A proposal to fund the operation of Round Rock ISD for fiscal year 2024-25 shows the district is reckoning with a shortfall of about $30 million. To close this gap, district administrators said they are identifying efficiencies in departmental budgets as well as positions, but are working to apply staffing reductions through attrition.

What's happening?

As RRISD began its budget season in February with a preliminary outlook, Chief Financial Officer Dennis Covington said the district would likely be looking at decreasing some positions, reimbursements, stipends and department allocations to reduce its budget for FY 2024-25. In a March 28 budget update, Covington said the district is looking at a potential shortfall of $27 to $29.6 million, based on a few different attendance rate scenarios.

With about 85% of the district's budget allocated to staffing, Superintendent Hafedh Azaiez shared his administrators are working to identify cuts in positions through attrition to avoid laying off any staff.

Attrition, Azaiez said, is the practice of eliminating empty positions and shifting staff where needed to avoid elimination of hired employees.

The details

Each percentage point of the average daily attendance, or ADA, rate accounts for about $3 million of state funding, Covington said. RRISD's attendance rate decreased from 97.2% in the 2020-21 school year to 92% in the 2022-23 school year, but it increased to a tentative 94.2% in the 2023-24 school year, Covington said. This is similar to the attendance rate for 2018-19, he said.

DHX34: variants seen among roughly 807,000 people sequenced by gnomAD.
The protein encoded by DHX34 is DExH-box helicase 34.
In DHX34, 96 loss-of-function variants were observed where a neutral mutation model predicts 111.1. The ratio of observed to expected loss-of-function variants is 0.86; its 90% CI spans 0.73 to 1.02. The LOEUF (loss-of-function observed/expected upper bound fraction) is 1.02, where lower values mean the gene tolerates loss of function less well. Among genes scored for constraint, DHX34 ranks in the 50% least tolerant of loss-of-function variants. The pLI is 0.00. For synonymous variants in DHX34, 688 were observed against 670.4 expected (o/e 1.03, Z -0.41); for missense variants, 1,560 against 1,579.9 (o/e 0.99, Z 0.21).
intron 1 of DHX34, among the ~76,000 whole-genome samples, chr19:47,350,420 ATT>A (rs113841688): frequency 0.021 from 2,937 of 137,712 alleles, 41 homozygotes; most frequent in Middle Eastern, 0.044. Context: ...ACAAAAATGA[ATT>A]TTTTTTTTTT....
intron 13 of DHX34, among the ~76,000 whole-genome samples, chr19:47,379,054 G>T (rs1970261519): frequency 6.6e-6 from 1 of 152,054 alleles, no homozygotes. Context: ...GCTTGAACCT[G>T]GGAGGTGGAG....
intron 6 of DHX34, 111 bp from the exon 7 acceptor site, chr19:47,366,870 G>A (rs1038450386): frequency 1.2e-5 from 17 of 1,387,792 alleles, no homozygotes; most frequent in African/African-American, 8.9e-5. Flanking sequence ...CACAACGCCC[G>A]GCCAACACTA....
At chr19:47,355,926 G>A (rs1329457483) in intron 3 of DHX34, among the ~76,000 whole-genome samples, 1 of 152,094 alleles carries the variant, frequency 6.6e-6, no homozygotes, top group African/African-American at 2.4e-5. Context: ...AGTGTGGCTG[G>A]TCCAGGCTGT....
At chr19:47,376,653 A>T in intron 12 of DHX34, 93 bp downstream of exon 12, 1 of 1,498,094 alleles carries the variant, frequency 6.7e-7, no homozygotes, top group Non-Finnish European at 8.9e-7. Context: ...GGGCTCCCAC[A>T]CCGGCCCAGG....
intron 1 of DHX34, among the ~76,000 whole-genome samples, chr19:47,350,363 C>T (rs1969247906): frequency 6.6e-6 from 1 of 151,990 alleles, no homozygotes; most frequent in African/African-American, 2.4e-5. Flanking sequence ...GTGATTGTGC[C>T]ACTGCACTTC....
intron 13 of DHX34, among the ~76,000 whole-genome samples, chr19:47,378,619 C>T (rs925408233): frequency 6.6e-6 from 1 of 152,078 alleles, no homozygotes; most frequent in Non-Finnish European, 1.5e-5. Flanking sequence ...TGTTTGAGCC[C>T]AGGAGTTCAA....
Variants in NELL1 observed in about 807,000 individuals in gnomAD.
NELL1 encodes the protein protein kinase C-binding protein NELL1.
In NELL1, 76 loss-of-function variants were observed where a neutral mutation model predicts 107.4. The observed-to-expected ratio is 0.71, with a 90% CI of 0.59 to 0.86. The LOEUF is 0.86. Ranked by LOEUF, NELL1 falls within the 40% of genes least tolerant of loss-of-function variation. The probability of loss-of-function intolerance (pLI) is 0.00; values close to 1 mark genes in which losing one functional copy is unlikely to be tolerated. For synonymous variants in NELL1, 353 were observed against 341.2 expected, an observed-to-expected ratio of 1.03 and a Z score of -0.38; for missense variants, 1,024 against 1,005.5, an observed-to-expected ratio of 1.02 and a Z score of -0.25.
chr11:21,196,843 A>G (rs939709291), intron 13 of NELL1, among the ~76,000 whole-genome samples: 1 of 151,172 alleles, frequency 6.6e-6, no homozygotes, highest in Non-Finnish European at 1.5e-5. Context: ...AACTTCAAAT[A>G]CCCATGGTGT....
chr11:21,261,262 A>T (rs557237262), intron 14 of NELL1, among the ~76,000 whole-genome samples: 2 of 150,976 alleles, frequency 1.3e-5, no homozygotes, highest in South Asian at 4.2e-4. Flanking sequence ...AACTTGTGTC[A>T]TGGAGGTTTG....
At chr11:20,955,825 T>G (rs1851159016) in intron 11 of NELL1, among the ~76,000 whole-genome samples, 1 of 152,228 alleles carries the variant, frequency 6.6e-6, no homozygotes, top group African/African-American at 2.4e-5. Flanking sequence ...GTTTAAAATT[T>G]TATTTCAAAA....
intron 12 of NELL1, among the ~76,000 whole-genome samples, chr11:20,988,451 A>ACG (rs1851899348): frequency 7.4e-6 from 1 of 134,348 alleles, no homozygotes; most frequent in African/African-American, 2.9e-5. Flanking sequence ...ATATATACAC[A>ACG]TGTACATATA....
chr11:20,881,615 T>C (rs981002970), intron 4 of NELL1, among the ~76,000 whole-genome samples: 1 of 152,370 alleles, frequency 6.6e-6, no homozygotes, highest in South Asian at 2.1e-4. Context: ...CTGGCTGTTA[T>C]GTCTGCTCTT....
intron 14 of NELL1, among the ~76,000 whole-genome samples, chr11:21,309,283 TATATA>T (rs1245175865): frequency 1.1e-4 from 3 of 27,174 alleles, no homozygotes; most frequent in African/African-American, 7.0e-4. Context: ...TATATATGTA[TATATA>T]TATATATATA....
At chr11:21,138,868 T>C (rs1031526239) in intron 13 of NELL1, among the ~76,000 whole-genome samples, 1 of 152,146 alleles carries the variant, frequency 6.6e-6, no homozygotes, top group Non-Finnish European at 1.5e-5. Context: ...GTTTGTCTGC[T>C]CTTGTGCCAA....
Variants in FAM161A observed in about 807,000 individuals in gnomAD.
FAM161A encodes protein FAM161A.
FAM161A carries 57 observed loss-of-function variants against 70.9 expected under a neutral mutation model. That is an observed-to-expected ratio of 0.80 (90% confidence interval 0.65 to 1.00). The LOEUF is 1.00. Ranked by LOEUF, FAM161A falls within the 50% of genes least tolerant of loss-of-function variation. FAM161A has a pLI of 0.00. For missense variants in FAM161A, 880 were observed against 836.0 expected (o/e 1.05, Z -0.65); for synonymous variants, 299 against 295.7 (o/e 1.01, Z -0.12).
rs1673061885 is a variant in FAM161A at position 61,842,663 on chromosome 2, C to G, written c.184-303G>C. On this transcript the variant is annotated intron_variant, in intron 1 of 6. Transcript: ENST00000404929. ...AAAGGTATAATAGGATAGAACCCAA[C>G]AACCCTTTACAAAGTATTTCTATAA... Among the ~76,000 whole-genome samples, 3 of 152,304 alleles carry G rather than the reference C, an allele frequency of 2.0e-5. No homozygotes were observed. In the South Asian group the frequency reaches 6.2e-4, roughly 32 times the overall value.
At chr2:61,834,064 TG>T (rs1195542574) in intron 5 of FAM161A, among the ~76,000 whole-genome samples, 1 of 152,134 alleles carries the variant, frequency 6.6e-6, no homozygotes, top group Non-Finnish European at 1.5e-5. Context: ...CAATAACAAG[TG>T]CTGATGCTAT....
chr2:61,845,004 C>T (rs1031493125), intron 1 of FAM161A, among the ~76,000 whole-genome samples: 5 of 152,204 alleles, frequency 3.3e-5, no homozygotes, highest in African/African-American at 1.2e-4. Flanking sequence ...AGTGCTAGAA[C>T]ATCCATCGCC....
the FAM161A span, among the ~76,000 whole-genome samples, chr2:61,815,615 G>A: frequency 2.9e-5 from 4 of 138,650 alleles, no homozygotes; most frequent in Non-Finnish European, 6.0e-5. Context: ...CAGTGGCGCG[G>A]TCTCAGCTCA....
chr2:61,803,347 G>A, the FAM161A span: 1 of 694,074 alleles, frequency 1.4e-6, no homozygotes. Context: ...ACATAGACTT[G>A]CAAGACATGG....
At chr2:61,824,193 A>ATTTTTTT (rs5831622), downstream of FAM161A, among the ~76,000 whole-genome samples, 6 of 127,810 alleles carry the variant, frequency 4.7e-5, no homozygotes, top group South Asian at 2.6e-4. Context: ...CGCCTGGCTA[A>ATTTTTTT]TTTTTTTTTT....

With enrollment for 2024-25 expected to be around the same as the previous school year, he said the district will focus on increasing attendance.

"That is an improvement in our district, as you all know; every percent increase in ADA is about $3 million," he said. "If our trend continues, it will help the district in receiving funding. Also, the enrollment from 2019-2020 to 2023-2024 looks flat, but it actually increased. The number actually did go up by 13 kids."

The big picture

Covington presented a budget proposal for $488.8 million in operating expenses, with $459.75 million in projected revenue.

To close that gap, Covington said the district will have to eliminate some positions, although it is unclear how many will be cut. District administrators will hold meetings with trustees, staff and the community to identify where to make these cuts in the most strategic way, he said.

Recapture for the district has also fluctuated, Covington said. In FY 2022-23, RRISD paid about $115 million back to the state through its "Robin Hood" program, wherein property tax revenue exceeding an amount determined by the state is sent back to be redistributed to schools that receive less property revenue. This number fell to an estimated $11.6 million in FY 2023-24 but is expected to double to about $20 million in FY 2024-25.

The reduction from FY 2022-23 to FY 2023-24 was due to legislation increasing the homestead exemption, Covington said. Due to this reduction in property tax revenue, the district received about $3 million more in state funding for FY 2023-24.

What's next?

The district will hold additional workshops throughout the budgetary process before voting on a final proposal as required by the Texas Education Agency by June 30.